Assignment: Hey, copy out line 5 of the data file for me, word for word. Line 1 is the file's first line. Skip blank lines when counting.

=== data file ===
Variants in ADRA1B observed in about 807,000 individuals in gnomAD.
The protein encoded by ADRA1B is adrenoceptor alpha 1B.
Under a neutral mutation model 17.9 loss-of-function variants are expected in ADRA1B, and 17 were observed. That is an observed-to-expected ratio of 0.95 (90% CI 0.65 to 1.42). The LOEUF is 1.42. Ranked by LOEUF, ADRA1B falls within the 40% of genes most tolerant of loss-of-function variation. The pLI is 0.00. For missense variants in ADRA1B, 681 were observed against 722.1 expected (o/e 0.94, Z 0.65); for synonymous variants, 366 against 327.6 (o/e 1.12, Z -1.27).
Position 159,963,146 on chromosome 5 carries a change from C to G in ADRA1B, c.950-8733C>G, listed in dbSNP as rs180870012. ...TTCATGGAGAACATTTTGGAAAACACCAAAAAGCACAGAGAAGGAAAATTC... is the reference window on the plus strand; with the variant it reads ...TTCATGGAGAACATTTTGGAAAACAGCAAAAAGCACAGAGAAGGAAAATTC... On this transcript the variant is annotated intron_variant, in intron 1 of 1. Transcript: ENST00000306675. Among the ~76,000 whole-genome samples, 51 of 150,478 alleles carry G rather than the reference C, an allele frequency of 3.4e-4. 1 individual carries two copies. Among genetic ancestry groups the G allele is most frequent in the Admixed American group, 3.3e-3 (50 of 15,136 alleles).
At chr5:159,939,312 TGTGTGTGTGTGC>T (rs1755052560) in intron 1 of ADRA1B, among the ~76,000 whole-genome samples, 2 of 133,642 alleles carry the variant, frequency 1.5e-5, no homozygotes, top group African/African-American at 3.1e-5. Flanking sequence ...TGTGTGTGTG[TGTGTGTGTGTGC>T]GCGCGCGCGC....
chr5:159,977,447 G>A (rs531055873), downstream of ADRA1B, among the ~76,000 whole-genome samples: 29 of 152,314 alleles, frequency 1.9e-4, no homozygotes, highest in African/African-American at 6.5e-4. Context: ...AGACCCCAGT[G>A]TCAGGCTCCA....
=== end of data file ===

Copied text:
At chr5:159,939,312 TGTGTGTGTGTGC>T (rs1755052560) in intron 1 of ADRA1B, among the ~76,000 whole-genome samples, 2 of 133,642 alleles carry the variant, frequency 1.5e-5, no homozygotes, top group African/African-American at 3.1e-5. Flanking sequence ...TGTGTGTGTG[TGTGTGTGTGTGC>T]GCGCGCGCGC....